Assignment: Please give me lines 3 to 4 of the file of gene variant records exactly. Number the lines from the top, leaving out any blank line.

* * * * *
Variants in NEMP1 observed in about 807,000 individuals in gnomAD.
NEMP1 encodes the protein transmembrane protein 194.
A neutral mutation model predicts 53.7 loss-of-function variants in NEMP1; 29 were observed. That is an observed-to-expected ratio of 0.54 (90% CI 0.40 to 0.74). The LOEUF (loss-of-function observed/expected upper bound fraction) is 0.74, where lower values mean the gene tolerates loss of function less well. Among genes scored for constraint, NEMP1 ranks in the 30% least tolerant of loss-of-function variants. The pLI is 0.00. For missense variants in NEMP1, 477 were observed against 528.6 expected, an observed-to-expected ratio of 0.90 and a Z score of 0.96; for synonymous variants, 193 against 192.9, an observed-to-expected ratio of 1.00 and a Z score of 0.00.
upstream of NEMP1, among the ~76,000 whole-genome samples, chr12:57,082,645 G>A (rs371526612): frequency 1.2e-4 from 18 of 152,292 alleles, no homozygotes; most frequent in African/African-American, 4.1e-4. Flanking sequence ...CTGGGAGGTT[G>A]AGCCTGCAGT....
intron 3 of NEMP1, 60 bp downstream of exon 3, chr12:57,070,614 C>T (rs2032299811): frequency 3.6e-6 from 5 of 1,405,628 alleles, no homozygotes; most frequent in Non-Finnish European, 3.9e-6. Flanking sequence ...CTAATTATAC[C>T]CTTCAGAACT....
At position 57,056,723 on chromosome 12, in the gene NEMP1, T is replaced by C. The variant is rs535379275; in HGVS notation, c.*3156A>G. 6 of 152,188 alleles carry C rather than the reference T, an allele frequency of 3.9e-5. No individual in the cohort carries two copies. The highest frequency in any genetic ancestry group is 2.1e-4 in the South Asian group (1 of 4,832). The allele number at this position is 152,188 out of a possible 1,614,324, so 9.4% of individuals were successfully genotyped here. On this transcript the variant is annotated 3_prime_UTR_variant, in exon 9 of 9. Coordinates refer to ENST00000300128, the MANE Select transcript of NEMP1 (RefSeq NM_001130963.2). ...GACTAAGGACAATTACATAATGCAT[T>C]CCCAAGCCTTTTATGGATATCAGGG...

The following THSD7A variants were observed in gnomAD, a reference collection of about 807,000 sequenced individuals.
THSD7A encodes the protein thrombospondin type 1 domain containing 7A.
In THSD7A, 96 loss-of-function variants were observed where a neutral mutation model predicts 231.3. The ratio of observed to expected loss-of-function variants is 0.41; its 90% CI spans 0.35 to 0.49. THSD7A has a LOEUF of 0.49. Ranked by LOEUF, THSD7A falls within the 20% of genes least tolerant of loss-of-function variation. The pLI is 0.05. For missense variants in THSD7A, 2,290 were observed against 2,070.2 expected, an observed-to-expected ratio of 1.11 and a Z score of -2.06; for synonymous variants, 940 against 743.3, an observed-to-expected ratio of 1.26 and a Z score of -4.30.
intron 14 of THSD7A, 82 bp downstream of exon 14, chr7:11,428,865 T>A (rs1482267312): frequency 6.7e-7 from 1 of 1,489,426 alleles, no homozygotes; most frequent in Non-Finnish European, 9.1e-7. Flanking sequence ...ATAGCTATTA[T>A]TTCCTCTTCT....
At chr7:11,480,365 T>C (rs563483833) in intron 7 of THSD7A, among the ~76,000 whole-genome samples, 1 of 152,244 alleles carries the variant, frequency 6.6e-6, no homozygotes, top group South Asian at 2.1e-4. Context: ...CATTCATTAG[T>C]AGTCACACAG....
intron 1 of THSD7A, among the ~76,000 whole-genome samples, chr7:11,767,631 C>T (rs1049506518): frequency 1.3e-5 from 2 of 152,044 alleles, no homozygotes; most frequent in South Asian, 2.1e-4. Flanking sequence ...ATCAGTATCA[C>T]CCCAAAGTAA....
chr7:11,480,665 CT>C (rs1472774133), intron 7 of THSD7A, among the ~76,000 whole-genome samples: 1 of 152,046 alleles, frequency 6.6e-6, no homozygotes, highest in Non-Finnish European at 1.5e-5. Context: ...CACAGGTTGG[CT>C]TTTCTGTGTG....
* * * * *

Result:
A neutral mutation model predicts 53.7 loss-of-function variants in NEMP1; 29 were observed. That is an observed-to-expected ratio of 0.54 (90% CI 0.40 to 0.74). The LOEUF (loss-of-function observed/expected upper bound fraction) is 0.74, where lower values mean the gene tolerates loss of function less well. Among genes scored for constraint, NEMP1 ranks in the 30% least tolerant of loss-of-function variants. The pLI is 0.00. For missense variants in NEMP1, 477 were observed against 528.6 expected, an observed-to-expected ratio of 0.90 and a Z score of 0.96; for synonymous variants, 193 against 192.9, an observed-to-expected ratio of 1.00 and a Z score of 0.00.
upstream of NEMP1, among the ~76,000 whole-genome samples, chr12:57,082,645 G>A (rs371526612): frequency 1.2e-4 from 18 of 152,292 alleles, no homozygotes; most frequent in African/African-American, 4.1e-4. Flanking sequence ...CTGGGAGGTT[G>A]AGCCTGCAGT....